2016-01-14

A DDoS Learning Curve for Universities, Government & Enterprises

Distributed Denial of Service attacks are easy, cheap and too often, effective. But they're not unstoppable.
There's no getting around it — DDoS attacks are growing in frequency, size, severity, sophistication, and even persistence each year. These tenacious, effective attacks can last anywhere from hours to months. They can be launched from botnets, use multiple protocols, and even disguise themselves with SSL encryption. Protecting yourself against DDoS isn't a matter of stopping one attack but a multitude, sometimes all at once.
Even worse, IT departments may not realize an attack is underway, thinking a failing server or application is responsible.
Rutgers University, for example, recently fell prey to its sixth known DDoS attack in a single year — and Rutgers is not an outlier. Thousands of DDoS attacks hit universities, enterprises, government organizations, and banks every day—some successful, some not. One thing is for sure: no one is safe, and attacks will continue because DDoS attacks are easy, cheap and, too often, effective. But they're not unstoppable.
Universities and other organizations can take steps to prepare for and minimize the effect of even the most sophisticated assaults:
Step 1. Have a good monitoring system in place
Security teams have many ways to get insight into their network, including flow sampling, in-path detection and mirrored data packets. Here's a brief breakdown of the pluses and minuses:
  • Flow sampling: The router samples packets and exports datagrams on them. While scalable, this method leaves out large quantities of information because it only samples one packet out of thousands. This allows some "slow and low" attacks to fly under the detection radar, or take a long time to trigger an alert.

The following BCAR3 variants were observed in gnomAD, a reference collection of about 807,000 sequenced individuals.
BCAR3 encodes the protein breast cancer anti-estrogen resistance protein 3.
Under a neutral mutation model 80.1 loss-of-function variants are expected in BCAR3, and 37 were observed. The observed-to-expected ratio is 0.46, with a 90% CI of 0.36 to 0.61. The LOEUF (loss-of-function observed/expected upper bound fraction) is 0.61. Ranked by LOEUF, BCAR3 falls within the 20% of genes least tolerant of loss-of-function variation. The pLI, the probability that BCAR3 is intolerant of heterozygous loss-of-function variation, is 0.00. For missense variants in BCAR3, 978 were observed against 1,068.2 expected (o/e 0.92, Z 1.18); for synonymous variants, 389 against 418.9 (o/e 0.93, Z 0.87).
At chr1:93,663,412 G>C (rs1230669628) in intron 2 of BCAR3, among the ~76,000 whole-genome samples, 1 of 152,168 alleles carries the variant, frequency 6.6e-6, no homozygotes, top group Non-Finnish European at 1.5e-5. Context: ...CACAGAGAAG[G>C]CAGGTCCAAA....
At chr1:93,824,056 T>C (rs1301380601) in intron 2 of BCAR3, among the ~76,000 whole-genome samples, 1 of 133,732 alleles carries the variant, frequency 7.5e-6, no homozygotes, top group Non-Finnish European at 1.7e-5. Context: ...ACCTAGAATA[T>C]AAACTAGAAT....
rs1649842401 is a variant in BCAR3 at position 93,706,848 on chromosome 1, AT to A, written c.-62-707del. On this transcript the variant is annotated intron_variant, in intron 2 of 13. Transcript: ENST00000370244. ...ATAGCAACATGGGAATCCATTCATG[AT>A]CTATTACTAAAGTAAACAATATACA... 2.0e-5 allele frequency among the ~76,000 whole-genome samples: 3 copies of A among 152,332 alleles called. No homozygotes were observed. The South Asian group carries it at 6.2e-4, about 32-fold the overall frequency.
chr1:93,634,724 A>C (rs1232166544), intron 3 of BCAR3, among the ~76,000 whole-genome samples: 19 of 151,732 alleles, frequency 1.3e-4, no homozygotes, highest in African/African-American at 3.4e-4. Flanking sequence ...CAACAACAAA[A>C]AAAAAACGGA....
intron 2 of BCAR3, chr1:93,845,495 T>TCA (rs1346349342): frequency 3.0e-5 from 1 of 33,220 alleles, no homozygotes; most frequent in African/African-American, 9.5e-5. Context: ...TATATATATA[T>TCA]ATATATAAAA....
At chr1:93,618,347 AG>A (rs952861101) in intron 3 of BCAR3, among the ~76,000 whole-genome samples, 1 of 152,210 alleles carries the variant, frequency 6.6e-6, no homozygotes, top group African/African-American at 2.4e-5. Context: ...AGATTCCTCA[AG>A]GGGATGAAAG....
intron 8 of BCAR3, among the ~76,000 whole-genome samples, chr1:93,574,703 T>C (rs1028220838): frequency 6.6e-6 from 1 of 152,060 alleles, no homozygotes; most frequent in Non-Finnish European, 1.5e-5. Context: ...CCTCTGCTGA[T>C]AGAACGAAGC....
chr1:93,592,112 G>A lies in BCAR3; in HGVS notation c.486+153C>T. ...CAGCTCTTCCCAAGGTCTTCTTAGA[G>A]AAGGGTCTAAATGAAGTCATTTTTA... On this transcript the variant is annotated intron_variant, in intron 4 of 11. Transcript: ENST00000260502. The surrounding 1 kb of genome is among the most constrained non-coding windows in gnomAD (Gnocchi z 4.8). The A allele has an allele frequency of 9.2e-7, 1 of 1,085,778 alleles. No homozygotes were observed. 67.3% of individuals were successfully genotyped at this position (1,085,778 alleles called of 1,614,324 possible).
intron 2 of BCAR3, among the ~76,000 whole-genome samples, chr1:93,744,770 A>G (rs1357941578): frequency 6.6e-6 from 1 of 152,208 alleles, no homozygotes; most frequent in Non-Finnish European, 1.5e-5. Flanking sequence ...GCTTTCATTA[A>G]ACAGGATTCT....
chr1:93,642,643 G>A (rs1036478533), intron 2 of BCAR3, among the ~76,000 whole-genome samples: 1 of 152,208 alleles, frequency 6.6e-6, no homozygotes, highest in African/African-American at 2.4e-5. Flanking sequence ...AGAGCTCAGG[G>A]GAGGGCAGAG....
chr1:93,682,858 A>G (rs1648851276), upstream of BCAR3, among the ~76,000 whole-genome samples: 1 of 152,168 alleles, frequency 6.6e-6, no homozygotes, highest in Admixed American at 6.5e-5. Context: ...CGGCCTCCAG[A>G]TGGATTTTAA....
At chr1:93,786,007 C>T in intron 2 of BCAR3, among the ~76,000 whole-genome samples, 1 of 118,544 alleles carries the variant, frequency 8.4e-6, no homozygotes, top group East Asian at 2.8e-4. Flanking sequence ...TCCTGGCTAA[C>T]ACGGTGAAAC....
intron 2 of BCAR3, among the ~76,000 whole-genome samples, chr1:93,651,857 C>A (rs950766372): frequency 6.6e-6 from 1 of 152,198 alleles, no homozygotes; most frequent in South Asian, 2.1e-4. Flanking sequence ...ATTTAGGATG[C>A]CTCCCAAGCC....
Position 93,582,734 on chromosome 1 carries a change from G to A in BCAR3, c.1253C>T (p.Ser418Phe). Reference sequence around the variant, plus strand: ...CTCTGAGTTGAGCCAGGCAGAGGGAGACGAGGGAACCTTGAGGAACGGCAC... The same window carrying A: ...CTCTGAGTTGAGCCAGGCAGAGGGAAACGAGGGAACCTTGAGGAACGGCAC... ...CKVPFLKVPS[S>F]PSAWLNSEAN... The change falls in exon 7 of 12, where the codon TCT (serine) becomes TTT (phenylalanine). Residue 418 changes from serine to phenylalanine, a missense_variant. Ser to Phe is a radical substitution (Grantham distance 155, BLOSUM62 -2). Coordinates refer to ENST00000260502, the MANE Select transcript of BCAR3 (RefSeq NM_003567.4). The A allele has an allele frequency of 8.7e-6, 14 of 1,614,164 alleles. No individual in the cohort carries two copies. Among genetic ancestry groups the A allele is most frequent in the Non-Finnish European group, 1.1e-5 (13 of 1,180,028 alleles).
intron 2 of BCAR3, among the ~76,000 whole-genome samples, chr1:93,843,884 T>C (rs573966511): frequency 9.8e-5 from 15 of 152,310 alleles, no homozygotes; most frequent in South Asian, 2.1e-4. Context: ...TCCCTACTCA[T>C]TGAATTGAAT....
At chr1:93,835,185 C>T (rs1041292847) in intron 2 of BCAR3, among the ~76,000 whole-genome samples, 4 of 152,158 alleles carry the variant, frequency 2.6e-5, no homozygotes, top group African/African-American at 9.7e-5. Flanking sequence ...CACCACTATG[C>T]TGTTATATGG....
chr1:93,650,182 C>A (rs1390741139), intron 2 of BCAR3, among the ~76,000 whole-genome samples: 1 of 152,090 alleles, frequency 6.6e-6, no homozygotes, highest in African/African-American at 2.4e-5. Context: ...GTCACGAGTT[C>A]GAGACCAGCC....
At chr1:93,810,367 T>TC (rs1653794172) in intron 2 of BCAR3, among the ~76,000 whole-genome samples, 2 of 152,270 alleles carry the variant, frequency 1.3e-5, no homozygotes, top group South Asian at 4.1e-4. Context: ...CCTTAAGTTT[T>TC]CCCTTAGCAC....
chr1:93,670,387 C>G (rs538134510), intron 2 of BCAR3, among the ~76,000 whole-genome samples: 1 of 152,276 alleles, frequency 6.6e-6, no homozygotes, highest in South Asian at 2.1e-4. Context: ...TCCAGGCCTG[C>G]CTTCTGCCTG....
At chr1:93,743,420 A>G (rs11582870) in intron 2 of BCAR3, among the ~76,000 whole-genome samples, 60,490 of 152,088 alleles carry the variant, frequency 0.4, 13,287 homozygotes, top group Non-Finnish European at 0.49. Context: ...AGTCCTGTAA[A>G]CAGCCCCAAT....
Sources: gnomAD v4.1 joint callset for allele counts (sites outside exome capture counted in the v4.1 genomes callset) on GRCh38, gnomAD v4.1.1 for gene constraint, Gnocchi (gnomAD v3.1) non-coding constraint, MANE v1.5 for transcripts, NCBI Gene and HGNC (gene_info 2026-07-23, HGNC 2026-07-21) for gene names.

• In-path detection: A high-performance DDoS mitigation device continuously processes all incoming traffic and possibly outgoing traffic. The device can take immediate action with sub-second mitigation times. One concern is ensuring the mitigation solution can scale with the uplink capacity during multi-vector attacks.
  • Mirrored data packets: Full detail for analysis is provided, while not necessarily in the path of traffic. This method can be a challenge to set up, but allows for fast detection of anomalies in traffic and is a centralized place for analysis and mitigation.
Step 2. Keep an eye on performance metrics and scalability
When it comes to DDoS, everything happens on a large scale: the number of attacking computers, the bandwidth they consume and the connections they generate. To fight back, organizations need a combination of high-performance, purpose-built hardware that can mitigate common, yet large-scale attacks effectively, and intelligent software that can inspect traffic at the highest packet rates. For instance, an effective combination might include leveraging dedicated network traffic processors (e.g. FPGAs) to handle the common network-layer attack in combination with powerful, multi-core CPUs to mitigate more complex application-layer attacks. What's key here is to ensure there is enough processing headroom to prepare networks for future generations of DDoS attacks.
Step 3. Invest in a security awareness program
Mitigation of next-generation DDoS attacks starts with training — especially to recognize normal network behavior and spot anomalies. For instance, companies that have started their migration to IPv6 must have security specialists in place that know IPv6 well enough to recognize attacks when they happen, and then to know how to use available tools to properly fight them off. Proper training allows organizations to be proactive versus reactive. Security policies take time to devise, so universities and other organizations shouldn't wait for the IT support staff to raise a red flag before they decide to take action.
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via DDoS Attacks